There has been a lot of recent talk, blog posts, articles, court activity and even proposed legislation in Congress around the issue of “False Patent Marking.” What does it all mean and why should small- and medium-sized enterprises (SMEs) care!? Well, I present answers, in brief, to these questions below.
The first thing to know is that the U.S. Patent Laws allow patent owners to give notice to the public by affixing a notice to the patented product (or its packaging if marking the product is not practical or possible) such as “Protected by U.S. Patent No. 3,141,592” See 35 U.S.C. § 287(a). This is colloquially known as the “patent marking” statute. Absent such a marking, in most cases, a patent owner cannot recover damages for patent infringement unless they can prove the infringer was notified of the infringement.
Second, we know that affixing a patent notice to a product (or its packaging) not only acts as a deterrent to competitors by putting them on notice, but it also has some marketing cache! Thus, that is why it is common to see not only actual patent number notices, but also notices of “patent pending” on many products.
Third, there is also what is known as the “false marking” statute which prohibits anyone from marking a product (or its packaging) with:
- an expired patent number
- a false patent number
- with the words “patent applied for” or “patent pending” when no application for patent has been made or is no longer pending, respectively.
See 35 U.S.C. § 292. Each of these three false marking offenses, however, must be shown to have been done “for the purpose of deceiving the public,” and not merely done as a result a good faith mistake.
What makes the false marking statute interesting is that it contains a whistleblower-type provision. That is, any private citizen can sue the manufacturer of a product they believe has been falsely marked to recover “not more than $500 for every such offense.” Thus, one can imagine that if a company produces 1,000,000 units of a product that in some way was falsely marked, a $500M lawsuit becomes very attractive for anyone with the time and the right contingency law firm behind them. See Forest Group, Inc. v. Bon Tool Co., 590 F.3d 1295 (Fed. Cir. 2009). In fact, over 150 of these types of lawsuits have been filed in the last several months alone! The only drawback is that 50% of any recovery must go to the federal government. (Thus, the private citizen in my example can keep only $250M of the possible recoveries – still not too shabby!)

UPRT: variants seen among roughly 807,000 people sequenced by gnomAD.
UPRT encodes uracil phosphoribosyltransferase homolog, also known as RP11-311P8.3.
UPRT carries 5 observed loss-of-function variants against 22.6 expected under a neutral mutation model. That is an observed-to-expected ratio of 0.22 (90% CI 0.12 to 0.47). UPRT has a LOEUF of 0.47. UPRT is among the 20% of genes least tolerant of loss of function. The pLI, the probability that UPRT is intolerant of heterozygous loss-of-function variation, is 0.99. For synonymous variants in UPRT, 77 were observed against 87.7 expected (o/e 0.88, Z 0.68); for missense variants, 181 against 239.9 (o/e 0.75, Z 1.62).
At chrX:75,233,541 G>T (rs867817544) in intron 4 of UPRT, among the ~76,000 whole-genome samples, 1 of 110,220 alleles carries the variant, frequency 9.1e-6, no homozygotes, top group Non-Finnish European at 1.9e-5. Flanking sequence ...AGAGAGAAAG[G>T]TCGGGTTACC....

On June 10, 2010, a federal court of appeals, interpreting the false marking statute, ruled that “the combination of a false [patent marking] and knowledge that the [patent marking] was false creates a rebuttable presumption of intent to deceive the public.” See Pequignot v. Solo Cup Co., Case No. 2009-1547 (Fed. Cir.). A defendant in one of these false marking suits can successfully defend itself by showing via “a clear preponderance of the evidence that it did not have the requisite purpose to deceive.” For example, the defendant in the Solo Cup case successfully obtained a dismissal of the suit by explaining that they knew the patent number on their products had expired but it was prohibitively expensive and disruptive to the business to prematurely replace the manufacturing molds which contained the now-expired patent numbers.
So, what should SMEs glean from all this hoopla? Well, four things:
- If your enterprise manufactures no products covered by U.S. patents, ignore it;
- If your company has no patents that cover a specific product, do not “fake it until you make it” by marking it with one or more non-existent patent numbers;
- If your company has not applied for any patents that cover a specific product, do not use the words “patent pending” in an attempt to obtain marketing cache for such product; and
- If any of your competitors are manufacturing products which you suspect are falsely marked with an intent to deceive the public, consult a plaintiff’s lawyer!